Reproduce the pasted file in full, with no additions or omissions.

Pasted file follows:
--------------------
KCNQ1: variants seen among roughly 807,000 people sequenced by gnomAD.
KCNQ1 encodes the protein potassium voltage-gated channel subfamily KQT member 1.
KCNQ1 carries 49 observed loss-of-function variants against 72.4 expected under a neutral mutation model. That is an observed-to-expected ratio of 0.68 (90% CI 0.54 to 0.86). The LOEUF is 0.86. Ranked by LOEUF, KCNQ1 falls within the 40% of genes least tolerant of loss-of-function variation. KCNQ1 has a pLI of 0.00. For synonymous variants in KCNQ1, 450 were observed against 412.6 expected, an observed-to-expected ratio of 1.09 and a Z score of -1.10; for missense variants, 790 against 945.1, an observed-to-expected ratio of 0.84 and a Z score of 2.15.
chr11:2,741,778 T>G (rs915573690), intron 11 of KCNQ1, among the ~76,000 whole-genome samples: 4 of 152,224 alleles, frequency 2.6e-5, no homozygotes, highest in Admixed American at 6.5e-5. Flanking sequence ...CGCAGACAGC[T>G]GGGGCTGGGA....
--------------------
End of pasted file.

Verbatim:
KCNQ1: variants seen among roughly 807,000 people sequenced by gnomAD.
KCNQ1 encodes the protein potassium voltage-gated channel subfamily KQT member 1.
KCNQ1 carries 49 observed loss-of-function variants against 72.4 expected under a neutral mutation model. That is an observed-to-expected ratio of 0.68 (90% CI 0.54 to 0.86). The LOEUF is 0.86. Ranked by LOEUF, KCNQ1 falls within the 40% of genes least tolerant of loss-of-function variation. KCNQ1 has a pLI of 0.00. For synonymous variants in KCNQ1, 450 were observed against 412.6 expected, an observed-to-expected ratio of 1.09 and a Z score of -1.10; for missense variants, 790 against 945.1, an observed-to-expected ratio of 0.84 and a Z score of 2.15.
chr11:2,741,778 T>G (rs915573690), intron 11 of KCNQ1, among the ~76,000 whole-genome samples: 4 of 152,224 alleles, frequency 2.6e-5, no homozygotes, highest in Admixed American at 6.5e-5. Flanking sequence ...CGCAGACAGC[T>G]GGGGCTGGGA....